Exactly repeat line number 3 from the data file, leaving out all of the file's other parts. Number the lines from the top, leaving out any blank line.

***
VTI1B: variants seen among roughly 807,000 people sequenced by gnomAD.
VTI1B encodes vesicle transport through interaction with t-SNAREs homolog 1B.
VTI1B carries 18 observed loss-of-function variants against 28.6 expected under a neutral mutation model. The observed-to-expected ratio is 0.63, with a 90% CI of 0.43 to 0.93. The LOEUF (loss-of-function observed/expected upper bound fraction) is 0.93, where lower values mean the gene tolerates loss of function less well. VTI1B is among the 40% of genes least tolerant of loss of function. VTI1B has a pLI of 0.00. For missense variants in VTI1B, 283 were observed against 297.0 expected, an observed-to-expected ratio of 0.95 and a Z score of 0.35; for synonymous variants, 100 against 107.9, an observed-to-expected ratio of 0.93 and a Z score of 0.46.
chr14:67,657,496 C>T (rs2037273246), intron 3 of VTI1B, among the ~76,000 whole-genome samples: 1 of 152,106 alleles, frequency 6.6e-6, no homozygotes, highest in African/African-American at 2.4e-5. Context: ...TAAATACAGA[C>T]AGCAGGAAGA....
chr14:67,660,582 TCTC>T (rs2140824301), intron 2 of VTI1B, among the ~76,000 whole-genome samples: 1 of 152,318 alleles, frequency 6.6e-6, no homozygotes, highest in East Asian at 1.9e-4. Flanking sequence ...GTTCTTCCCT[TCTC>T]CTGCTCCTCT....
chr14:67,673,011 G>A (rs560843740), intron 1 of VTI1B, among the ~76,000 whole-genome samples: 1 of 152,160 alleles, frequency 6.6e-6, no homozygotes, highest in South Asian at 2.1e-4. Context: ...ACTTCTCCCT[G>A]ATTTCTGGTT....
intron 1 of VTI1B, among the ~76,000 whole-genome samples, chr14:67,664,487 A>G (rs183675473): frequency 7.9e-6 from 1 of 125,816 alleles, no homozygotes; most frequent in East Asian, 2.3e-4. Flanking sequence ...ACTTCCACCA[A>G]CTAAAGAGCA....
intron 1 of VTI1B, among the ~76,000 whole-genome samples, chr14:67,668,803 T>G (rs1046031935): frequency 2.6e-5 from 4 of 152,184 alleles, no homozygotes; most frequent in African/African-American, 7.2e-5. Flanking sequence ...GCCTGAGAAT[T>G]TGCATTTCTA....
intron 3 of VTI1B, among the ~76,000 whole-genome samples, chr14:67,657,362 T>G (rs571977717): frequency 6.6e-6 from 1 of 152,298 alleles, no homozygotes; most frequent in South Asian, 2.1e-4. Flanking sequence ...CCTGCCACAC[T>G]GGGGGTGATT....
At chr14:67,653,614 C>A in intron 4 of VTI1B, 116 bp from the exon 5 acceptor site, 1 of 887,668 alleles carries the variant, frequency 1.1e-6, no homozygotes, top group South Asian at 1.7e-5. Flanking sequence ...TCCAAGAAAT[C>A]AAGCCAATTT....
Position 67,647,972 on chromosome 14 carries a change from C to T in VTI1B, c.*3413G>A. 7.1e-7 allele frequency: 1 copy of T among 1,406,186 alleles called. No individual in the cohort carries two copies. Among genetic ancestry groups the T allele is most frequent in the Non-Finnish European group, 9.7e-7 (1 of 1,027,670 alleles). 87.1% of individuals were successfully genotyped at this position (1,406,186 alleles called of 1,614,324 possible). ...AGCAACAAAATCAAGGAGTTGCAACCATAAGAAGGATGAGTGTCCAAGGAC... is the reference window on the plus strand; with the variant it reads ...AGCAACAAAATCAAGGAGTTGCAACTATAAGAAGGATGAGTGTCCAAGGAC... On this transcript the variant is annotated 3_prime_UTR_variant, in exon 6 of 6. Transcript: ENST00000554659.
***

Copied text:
VTI1B carries 18 observed loss-of-function variants against 28.6 expected under a neutral mutation model. The observed-to-expected ratio is 0.63, with a 90% CI of 0.43 to 0.93. The LOEUF (loss-of-function observed/expected upper bound fraction) is 0.93, where lower values mean the gene tolerates loss of function less well. VTI1B is among the 40% of genes least tolerant of loss of function. VTI1B has a pLI of 0.00. For missense variants in VTI1B, 283 were observed against 297.0 expected, an observed-to-expected ratio of 0.95 and a Z score of 0.35; for synonymous variants, 100 against 107.9, an observed-to-expected ratio of 0.93 and a Z score of 0.46.